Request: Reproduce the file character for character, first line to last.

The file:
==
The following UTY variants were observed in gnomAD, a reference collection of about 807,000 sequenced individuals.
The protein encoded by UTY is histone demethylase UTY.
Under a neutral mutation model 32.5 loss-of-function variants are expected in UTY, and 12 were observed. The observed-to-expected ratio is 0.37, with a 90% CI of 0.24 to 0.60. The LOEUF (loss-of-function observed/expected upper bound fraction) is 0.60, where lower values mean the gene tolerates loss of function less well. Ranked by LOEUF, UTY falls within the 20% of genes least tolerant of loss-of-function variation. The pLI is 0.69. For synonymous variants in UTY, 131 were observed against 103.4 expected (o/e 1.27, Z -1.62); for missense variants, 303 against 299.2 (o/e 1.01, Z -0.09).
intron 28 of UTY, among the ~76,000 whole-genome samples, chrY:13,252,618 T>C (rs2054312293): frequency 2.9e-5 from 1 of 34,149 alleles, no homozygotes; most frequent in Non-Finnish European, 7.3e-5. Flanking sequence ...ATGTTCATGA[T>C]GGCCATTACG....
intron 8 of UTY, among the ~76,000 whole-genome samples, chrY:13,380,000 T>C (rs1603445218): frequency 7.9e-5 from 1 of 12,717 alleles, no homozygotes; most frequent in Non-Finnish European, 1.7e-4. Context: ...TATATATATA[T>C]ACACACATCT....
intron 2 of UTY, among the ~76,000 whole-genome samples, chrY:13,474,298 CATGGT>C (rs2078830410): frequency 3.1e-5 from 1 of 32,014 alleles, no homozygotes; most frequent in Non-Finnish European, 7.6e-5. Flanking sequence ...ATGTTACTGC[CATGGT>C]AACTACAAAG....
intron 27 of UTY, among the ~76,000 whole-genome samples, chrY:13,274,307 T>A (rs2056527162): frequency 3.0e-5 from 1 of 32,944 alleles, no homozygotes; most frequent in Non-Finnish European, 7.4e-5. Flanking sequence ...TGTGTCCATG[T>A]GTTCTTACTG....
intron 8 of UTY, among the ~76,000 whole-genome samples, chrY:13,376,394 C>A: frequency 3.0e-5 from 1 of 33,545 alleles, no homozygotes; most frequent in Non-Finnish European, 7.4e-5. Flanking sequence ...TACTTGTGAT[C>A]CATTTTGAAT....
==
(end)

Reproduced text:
The following UTY variants were observed in gnomAD, a reference collection of about 807,000 sequenced individuals.
The protein encoded by UTY is histone demethylase UTY.
Under a neutral mutation model 32.5 loss-of-function variants are expected in UTY, and 12 were observed. The observed-to-expected ratio is 0.37, with a 90% CI of 0.24 to 0.60. The LOEUF (loss-of-function observed/expected upper bound fraction) is 0.60, where lower values mean the gene tolerates loss of function less well. Ranked by LOEUF, UTY falls within the 20% of genes least tolerant of loss-of-function variation. The pLI is 0.69. For synonymous variants in UTY, 131 were observed against 103.4 expected (o/e 1.27, Z -1.62); for missense variants, 303 against 299.2 (o/e 1.01, Z -0.09).
intron 28 of UTY, among the ~76,000 whole-genome samples, chrY:13,252,618 T>C (rs2054312293): frequency 2.9e-5 from 1 of 34,149 alleles, no homozygotes; most frequent in Non-Finnish European, 7.3e-5. Flanking sequence ...ATGTTCATGA[T>C]GGCCATTACG....
intron 8 of UTY, among the ~76,000 whole-genome samples, chrY:13,380,000 T>C (rs1603445218): frequency 7.9e-5 from 1 of 12,717 alleles, no homozygotes; most frequent in Non-Finnish European, 1.7e-4. Context: ...TATATATATA[T>C]ACACACATCT....
intron 2 of UTY, among the ~76,000 whole-genome samples, chrY:13,474,298 CATGGT>C (rs2078830410): frequency 3.1e-5 from 1 of 32,014 alleles, no homozygotes; most frequent in Non-Finnish European, 7.6e-5. Flanking sequence ...ATGTTACTGC[CATGGT>C]AACTACAAAG....
intron 27 of UTY, among the ~76,000 whole-genome samples, chrY:13,274,307 T>A (rs2056527162): frequency 3.0e-5 from 1 of 32,944 alleles, no homozygotes; most frequent in Non-Finnish European, 7.4e-5. Flanking sequence ...TGTGTCCATG[T>A]GTTCTTACTG....
intron 8 of UTY, among the ~76,000 whole-genome samples, chrY:13,376,394 C>A: frequency 3.0e-5 from 1 of 33,545 alleles, no homozygotes; most frequent in Non-Finnish European, 7.4e-5. Flanking sequence ...TACTTGTGAT[C>A]CATTTTGAAT....